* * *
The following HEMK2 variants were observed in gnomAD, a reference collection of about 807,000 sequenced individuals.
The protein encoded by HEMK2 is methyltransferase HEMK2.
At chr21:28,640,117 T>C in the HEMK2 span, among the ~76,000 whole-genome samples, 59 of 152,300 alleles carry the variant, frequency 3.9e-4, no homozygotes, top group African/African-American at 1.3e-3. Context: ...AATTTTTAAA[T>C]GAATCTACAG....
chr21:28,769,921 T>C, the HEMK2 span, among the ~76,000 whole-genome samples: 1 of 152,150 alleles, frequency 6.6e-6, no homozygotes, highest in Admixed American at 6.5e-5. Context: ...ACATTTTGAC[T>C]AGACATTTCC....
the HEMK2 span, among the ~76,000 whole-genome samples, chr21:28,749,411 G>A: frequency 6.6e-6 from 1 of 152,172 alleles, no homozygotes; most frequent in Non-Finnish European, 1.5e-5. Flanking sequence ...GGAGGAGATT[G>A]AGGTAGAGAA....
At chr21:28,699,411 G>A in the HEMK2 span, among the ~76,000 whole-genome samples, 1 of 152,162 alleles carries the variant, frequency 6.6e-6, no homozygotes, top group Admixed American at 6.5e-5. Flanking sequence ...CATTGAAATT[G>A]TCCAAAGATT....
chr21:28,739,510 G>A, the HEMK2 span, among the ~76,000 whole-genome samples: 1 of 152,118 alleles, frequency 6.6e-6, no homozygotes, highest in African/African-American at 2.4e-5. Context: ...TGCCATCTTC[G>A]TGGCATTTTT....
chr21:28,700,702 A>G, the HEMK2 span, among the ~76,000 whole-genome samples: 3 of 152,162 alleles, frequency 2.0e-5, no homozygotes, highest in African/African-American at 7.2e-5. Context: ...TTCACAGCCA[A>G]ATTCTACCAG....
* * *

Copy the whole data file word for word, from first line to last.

The following HEMK2 variants were observed in gnomAD, a reference collection of about 807,000 sequenced individuals.
The protein encoded by HEMK2 is methyltransferase HEMK2.
At chr21:28,640,117 T>C in the HEMK2 span, among the ~76,000 whole-genome samples, 59 of 152,300 alleles carry the variant, frequency 3.9e-4, no homozygotes, top group African/African-American at 1.3e-3. Context: ...AATTTTTAAA[T>C]GAATCTACAG....
chr21:28,769,921 T>C, the HEMK2 span, among the ~76,000 whole-genome samples: 1 of 152,150 alleles, frequency 6.6e-6, no homozygotes, highest in Admixed American at 6.5e-5. Context: ...ACATTTTGAC[T>C]AGACATTTCC....
the HEMK2 span, among the ~76,000 whole-genome samples, chr21:28,749,411 G>A: frequency 6.6e-6 from 1 of 152,172 alleles, no homozygotes; most frequent in Non-Finnish European, 1.5e-5. Flanking sequence ...GGAGGAGATT[G>A]AGGTAGAGAA....
At chr21:28,699,411 G>A in the HEMK2 span, among the ~76,000 whole-genome samples, 1 of 152,162 alleles carries the variant, frequency 6.6e-6, no homozygotes, top group Admixed American at 6.5e-5. Flanking sequence ...CATTGAAATT[G>A]TCCAAAGATT....
chr21:28,739,510 G>A, the HEMK2 span, among the ~76,000 whole-genome samples: 1 of 152,118 alleles, frequency 6.6e-6, no homozygotes, highest in African/African-American at 2.4e-5. Context: ...TGCCATCTTC[G>A]TGGCATTTTT....
chr21:28,700,702 A>G, the HEMK2 span, among the ~76,000 whole-genome samples: 3 of 152,162 alleles, frequency 2.0e-5, no homozygotes, highest in African/African-American at 7.2e-5. Context: ...TTCACAGCCA[A>G]ATTCTACCAG....